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Heading to Church with Black-White Clerics

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Earlier this week, I had the urge to brew up some Clerics in Standard. The creature type actually has one of my favorite cards in the new set in the form of Nullpriest of Oblivion. In fact, there are actually a ton of great cards that also just happen to be Clerics as well, which was one of the things that actually drew me to the deck: it didn't seem like it would suffer the same way some traditional archetypes do when it comes to tribal decks.

A lot of times, when you try to build tribal decks that are implied within a specific set, the individual cards are often not very powerful, or overpriced. Not so with Clerics! Most of the cards in the format are actually pretty strong, and have impactful abilities that affect the game. There's also a ton of synergy that's happening among the various clerics in the various sets. Today I want to show off some of those synergies that I tried to take advantage of.

This was the list I ended up with after testing the archetype for a few hours.


If you want to see how we got to this version, as always, be sure to check out the videos down below!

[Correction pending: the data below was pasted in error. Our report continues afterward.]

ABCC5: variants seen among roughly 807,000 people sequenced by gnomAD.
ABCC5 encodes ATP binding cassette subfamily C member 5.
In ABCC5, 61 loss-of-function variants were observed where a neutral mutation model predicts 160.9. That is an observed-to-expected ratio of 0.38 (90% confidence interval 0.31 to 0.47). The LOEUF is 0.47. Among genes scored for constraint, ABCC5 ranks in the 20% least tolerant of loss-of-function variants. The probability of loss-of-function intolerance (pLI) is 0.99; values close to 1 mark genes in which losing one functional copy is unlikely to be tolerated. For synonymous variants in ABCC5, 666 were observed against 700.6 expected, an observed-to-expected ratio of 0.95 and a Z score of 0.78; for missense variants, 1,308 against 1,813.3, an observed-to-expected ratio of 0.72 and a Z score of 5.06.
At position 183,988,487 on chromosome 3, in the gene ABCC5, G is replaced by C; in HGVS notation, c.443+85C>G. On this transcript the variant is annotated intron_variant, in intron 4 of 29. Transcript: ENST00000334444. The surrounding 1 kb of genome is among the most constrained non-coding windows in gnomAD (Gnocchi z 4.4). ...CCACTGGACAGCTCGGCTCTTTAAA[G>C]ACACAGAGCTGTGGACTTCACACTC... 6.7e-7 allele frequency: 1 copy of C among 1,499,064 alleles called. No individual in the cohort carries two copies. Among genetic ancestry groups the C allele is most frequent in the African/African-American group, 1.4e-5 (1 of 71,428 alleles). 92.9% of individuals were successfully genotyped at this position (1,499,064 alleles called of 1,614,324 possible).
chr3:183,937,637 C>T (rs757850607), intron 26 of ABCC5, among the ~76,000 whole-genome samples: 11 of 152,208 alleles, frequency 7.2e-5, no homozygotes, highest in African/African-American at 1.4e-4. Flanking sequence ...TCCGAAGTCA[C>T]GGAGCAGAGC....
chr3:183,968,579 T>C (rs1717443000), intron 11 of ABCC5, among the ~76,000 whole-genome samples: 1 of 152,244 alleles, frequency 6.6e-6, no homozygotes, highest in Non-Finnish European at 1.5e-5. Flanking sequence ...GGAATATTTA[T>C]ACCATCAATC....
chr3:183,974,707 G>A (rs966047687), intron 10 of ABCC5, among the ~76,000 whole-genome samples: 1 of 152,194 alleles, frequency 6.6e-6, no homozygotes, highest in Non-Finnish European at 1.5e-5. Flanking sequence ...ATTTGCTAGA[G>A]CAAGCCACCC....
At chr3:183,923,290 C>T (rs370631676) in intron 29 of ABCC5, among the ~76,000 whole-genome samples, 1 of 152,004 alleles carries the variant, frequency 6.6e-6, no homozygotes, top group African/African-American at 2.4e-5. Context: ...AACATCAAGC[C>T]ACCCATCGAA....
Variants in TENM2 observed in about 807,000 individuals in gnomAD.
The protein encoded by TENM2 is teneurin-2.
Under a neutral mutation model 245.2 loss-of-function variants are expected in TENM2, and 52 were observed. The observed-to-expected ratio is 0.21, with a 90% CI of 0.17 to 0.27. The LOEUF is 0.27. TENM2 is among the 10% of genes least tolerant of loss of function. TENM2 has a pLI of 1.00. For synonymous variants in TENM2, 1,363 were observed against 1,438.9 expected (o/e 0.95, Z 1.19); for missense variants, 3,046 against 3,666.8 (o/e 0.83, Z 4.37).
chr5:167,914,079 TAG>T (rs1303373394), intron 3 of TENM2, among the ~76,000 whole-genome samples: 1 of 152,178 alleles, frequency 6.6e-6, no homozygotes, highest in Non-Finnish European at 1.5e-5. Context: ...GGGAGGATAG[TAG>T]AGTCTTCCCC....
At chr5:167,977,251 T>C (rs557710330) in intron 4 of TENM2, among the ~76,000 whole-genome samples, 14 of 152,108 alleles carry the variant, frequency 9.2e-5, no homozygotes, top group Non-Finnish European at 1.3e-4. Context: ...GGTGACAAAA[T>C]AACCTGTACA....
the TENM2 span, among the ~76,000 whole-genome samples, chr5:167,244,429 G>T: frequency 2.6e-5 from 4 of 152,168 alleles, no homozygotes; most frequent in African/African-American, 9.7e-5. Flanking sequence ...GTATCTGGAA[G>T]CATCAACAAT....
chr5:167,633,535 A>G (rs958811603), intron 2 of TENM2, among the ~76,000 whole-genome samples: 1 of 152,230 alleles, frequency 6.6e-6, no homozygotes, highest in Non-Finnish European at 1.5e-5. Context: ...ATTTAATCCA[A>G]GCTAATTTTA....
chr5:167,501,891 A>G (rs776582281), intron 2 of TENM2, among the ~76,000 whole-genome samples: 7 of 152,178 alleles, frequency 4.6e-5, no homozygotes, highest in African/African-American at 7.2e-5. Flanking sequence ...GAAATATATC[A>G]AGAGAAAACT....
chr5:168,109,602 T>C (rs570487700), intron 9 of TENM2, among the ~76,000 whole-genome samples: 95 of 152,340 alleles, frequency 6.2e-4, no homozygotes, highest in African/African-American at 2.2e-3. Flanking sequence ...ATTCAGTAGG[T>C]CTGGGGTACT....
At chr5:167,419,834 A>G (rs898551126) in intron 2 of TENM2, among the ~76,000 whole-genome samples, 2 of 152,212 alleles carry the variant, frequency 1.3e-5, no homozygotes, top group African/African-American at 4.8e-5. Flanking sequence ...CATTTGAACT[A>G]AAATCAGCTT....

As you can see, we have a total of 24 mana sources in the deck. We initially had around 25, but with our curve essentially stopping at four mana, I think 24 should be an okay amount. I've said this before, but I do sincerely wish there were more two-colored land options in Standard that came into play untapped right now. Gain lands don't. Temples don't. Triomes don't. Fabled Passage doesn't. You're basically heavily replying on the Pathways to fix your mana and play your cards on curve, and there isn't even a full cycle of them! I know I've mentioned it before, but I sincerely miss check lands and shock lands.

Speaking of lands, initially two of the Agadeem's Awakening were two copies of Hagra Mauling. Ultimately, I kept being more and more impressed by Awakening, so much so that I went up to the full four copies and cut a few copies of Call of the Death-Dweller. Call was originally the go-to reanimate spell in the deck, but there were several times we didn't have a one-drop in the graveyard, which would only allow us to bring back a single creature, instead of the preferred two. While it costs around six or seven mana to be truly effective, Awakening was great at getting back a 1-drop, a 2-drop, a 3-drop, and even sometimes an Orah, Skyclave Hierophant. Additionally, if you're just getting back the same 1- and 2-drop that you would with Call of the Death-Dweller, Agadeem's Awakening only costs two mana more. It's the scalability that's really impressive and attractive here.

There were two other factors to this change as well. The first was that I wanted more/cheaper removal, and in this way, Murderous Rider is just superior to Hagra Mauling, especially when you have a 2/3 body that gains you life, which is a central strategy in the deck. The second was that I wanted more lands that could enter the battlefield untapped in the deck, and Agadeem's Awakening was the better double-faced card for this. This was the other reason that I didn't mind going up to the full four, since a lot of the life loss you might take would easily be offset in this deck.